Mary Ann’s blue dress was a different shade entirely from the blue of the sky, but they seemed to belong together, she and the firmament; each as close, and each as far away. Every time our noses touched, we giggled.
We were swinging on one of the gates in my parents’ driveway. Backwards and forwards, forwards and back, the old gate squealing on its hinges as it described an arc from the driveway and all the way out over the pavement of the street.
Mary Ann was standing up on one side of the gate and I was on the other side facing her, making it swing. I used my foot against the ground to push us one way, and then, as the gate turned the half circle back into the driveway, I used my hand against the wooden fence to push us back. We were six years old.
When we’re big, I said, laughing, we’ll get married.
Yes, she said, and our noses touched again. The blue of her dress was like a promise, and I wondered then if I should tell her that I loved her.
We’ll live in a big house, she said, with our own telly. And a dog and a cat.
Yes, I said, and a red car.
And lots of babies.
Hang on tight!
I kicked hard against the pavement and followed her smile as we curved back into the driveway, my hand out ready to push us back.
When my finger broke there was no noise, but I felt it snap. The gate stopped swinging, and it’s motion dissipated in a quick exchange of energy which left it vibrating. Everything else was sudden and still, except for the sound of someone crying.
I looked for Mary Ann. She was standing in the street, a million miles away, her head tilted to one side, watching. The angle she made against the sky wasn’t right, as though she was about to leap into space and zoom off back to her own planet. The look on her face might have been fear. Or disappointment.
I was lying on the ground. When I looked at my finger, the third on my right hand, it was swollen and already turning blue, a different blue from the blue of the sky and the blue of Mary Ann’s dress; a dark, inky blue, almost black.
And it was starting to hurt with a pulsing kind of pain, sharp and annoying, like an unwanted third person joining the game. I had to bite my tongue, but I made myself stop crying before I got up off the ground, though there were still tears in my eyes when I looked at her again.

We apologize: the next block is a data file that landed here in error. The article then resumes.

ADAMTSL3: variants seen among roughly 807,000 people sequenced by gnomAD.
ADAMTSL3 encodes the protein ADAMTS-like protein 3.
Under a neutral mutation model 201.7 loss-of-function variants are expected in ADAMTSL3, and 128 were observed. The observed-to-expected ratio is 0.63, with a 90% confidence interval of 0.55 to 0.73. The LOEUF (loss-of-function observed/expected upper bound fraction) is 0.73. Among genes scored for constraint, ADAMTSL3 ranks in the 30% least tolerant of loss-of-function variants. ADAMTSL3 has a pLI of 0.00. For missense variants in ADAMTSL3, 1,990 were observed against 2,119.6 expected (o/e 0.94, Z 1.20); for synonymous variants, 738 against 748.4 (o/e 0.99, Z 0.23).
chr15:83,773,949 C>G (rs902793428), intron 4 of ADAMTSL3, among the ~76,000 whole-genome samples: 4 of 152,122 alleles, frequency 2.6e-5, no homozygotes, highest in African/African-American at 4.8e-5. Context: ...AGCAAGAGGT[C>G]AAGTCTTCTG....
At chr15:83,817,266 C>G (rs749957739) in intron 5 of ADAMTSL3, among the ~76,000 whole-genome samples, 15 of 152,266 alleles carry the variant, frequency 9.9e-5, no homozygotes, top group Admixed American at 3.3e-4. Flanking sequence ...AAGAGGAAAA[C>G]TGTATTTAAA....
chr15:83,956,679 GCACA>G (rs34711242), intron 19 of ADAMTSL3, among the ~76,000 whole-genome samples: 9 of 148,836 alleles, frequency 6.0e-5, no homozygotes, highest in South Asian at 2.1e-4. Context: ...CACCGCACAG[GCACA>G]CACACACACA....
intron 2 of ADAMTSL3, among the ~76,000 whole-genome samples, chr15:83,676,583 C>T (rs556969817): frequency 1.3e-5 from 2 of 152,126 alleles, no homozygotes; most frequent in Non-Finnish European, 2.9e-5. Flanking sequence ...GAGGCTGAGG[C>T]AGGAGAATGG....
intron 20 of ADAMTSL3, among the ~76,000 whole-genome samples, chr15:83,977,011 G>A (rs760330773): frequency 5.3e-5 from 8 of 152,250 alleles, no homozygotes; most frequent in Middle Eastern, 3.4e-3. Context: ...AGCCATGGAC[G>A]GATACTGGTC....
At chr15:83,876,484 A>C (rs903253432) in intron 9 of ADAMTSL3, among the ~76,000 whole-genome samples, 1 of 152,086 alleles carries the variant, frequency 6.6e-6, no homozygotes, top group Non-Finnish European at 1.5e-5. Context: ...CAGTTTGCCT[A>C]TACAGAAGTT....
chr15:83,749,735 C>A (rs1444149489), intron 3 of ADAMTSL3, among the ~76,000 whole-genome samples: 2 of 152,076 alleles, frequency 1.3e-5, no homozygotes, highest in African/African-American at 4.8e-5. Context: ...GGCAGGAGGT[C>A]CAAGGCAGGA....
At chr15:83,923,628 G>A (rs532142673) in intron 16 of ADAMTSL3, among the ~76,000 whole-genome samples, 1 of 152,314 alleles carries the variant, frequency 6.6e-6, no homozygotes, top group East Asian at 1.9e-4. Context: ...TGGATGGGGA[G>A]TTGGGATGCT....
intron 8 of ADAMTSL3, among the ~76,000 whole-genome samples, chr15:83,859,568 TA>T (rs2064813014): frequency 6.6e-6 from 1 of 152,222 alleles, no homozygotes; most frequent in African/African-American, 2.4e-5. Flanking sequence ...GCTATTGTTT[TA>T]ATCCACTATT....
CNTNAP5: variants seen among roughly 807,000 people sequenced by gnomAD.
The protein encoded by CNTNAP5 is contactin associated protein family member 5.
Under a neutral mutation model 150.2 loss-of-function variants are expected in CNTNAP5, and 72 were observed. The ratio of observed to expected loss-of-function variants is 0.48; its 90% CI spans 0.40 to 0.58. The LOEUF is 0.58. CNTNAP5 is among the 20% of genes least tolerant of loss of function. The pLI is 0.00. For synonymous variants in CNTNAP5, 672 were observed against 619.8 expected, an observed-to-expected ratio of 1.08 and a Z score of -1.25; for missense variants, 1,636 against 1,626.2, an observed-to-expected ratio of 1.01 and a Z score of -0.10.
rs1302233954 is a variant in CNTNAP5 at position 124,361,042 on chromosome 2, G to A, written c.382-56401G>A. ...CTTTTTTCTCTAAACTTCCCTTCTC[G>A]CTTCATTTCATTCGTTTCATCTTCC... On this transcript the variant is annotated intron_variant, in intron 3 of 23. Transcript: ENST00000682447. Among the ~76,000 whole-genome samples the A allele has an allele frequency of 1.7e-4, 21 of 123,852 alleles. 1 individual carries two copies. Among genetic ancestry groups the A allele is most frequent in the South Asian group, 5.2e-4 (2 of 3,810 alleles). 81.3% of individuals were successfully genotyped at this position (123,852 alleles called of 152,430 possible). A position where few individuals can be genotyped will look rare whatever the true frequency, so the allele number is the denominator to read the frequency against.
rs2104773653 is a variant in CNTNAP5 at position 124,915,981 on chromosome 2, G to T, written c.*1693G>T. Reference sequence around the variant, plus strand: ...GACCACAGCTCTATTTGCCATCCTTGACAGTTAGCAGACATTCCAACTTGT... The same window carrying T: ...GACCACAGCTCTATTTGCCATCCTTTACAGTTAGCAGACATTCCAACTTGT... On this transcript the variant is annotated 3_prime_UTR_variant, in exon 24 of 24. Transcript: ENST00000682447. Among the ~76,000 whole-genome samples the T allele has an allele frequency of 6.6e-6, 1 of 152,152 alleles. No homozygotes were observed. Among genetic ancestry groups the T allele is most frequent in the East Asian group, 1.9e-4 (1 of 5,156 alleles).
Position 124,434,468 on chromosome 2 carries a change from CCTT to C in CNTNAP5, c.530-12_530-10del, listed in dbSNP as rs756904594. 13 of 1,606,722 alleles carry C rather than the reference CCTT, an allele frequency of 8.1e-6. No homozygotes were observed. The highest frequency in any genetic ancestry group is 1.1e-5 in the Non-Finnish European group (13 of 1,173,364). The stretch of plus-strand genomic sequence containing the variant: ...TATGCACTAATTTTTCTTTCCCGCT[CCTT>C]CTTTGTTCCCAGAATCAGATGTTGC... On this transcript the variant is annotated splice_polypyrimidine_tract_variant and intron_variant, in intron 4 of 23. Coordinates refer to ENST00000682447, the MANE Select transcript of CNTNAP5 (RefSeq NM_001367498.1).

Is it broken? She pointed at my hand.
It’s your own fault. You shouldn’t swing on gates.
It’s alright. Come on, let’s keep playing.
I clambered back onto the gate, carefully with one hand, but I winced when I lifted the other one on to the top rail. I waited for her.
She shook her head. My dad says its stupid to swing on gates. Anyway, I bet your finger is broken.
No it isn’t.
You’d better tell your mum about it. Tell her it was your own fault.
Come on, let’s play.
But she walked off. I watched her as she stopped at the kerb and as she looked carefully both ways twice before crossing the street to her house. My finger was throbbing badly and it seemed then that maybe it was all my fault, that there was no-one else to blame, that I deserved everything; a broken finger, the embarrassment of tears, loneliness. I kicked the gate.
I’m not going to marry you anymore!
She shrugged and walked on.
Get lost, I shouted, a small angry boy under a blue sky. I hate you!
I never told anyone that my finger was broken. I pretended it didn’t hurt much, and Mum was happy to be spared the bother of taking me to the doctor’s. She put a bandage on it, and some ointment that she kept in the cupboard. Later, when the finger began to bend sideways at the first joint, my father said I should go the doctor. That I’d broken it, and it was mending crookedly. He said that the doctor would break it again and set it straight for me. But I wouldn’t let him take me, and in time the crooked finger became for me a kind of companion, dependable and constant, like the blue of the sky.